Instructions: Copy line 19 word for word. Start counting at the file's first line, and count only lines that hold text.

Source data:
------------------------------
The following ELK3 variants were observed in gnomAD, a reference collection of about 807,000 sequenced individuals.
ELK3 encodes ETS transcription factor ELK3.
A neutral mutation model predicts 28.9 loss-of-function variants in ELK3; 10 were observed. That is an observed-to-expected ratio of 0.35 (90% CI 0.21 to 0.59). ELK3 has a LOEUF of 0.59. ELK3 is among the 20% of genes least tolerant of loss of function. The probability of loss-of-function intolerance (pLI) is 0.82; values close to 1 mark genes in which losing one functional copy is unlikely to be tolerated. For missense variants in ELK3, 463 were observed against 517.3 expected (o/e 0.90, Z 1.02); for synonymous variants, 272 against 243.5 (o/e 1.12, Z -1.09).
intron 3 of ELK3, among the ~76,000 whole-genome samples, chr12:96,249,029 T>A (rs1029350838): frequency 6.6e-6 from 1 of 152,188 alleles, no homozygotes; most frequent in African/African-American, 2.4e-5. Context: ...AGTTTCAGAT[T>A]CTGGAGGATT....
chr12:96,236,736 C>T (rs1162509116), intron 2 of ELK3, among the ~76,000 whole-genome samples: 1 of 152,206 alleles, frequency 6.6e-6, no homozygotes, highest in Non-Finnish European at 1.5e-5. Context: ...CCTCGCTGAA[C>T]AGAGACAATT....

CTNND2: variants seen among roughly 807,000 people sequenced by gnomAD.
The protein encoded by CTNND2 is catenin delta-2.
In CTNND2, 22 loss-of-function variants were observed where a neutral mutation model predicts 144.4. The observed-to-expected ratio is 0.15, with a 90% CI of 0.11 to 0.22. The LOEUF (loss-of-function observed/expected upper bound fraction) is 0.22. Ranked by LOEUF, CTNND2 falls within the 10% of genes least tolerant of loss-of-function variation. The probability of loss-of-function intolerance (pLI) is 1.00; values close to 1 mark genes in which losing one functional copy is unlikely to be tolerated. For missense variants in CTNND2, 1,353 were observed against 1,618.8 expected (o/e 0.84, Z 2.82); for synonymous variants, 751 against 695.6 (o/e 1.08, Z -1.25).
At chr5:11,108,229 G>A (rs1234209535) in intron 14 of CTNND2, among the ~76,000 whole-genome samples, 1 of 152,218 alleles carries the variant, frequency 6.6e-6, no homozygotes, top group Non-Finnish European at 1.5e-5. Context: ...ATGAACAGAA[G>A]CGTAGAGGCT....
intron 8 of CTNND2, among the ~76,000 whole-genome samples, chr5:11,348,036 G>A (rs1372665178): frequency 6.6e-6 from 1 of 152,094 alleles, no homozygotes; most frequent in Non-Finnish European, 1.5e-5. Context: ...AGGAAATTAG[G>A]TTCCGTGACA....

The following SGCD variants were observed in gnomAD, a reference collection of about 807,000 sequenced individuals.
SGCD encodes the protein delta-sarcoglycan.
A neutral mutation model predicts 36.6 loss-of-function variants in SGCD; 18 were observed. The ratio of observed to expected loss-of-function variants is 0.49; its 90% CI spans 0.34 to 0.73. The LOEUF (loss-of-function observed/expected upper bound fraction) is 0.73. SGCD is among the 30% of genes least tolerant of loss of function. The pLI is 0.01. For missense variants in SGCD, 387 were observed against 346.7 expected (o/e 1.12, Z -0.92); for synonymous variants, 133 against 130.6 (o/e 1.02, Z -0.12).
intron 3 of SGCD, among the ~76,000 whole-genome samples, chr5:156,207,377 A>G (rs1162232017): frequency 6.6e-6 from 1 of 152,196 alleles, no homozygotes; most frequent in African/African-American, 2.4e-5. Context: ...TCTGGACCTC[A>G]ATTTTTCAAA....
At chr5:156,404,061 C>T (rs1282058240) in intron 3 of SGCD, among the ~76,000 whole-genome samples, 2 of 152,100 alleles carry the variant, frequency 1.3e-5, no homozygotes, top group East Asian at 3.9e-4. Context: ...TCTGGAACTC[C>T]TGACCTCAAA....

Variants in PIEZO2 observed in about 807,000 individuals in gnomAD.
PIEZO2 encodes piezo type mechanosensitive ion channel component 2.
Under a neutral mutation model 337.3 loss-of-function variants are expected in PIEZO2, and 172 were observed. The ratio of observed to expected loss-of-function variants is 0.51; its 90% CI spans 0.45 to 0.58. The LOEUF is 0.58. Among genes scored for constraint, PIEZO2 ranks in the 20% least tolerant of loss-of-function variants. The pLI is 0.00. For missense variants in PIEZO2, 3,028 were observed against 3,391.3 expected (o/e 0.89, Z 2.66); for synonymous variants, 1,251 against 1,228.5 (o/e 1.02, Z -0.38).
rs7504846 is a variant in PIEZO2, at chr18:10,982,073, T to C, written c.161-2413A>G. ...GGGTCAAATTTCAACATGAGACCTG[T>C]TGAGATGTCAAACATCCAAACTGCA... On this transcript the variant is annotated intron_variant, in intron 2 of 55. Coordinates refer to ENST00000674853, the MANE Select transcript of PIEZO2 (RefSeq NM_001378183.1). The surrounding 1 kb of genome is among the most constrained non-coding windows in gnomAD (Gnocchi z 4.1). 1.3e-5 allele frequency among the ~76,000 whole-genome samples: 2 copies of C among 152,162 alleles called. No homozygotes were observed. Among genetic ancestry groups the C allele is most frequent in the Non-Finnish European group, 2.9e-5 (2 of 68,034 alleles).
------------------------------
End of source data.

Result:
rs7504846 is a variant in PIEZO2, at chr18:10,982,073, T to C, written c.161-2413A>G. ...GGGTCAAATTTCAACATGAGACCTG[T>C]TGAGATGTCAAACATCCAAACTGCA... On this transcript the variant is annotated intron_variant, in intron 2 of 55. Coordinates refer to ENST00000674853, the MANE Select transcript of PIEZO2 (RefSeq NM_001378183.1). The surrounding 1 kb of genome is among the most constrained non-coding windows in gnomAD (Gnocchi z 4.1). 1.3e-5 allele frequency among the ~76,000 whole-genome samples: 2 copies of C among 152,162 alleles called. No homozygotes were observed. Among genetic ancestry groups the C allele is most frequent in the Non-Finnish European group, 2.9e-5 (2 of 68,034 alleles).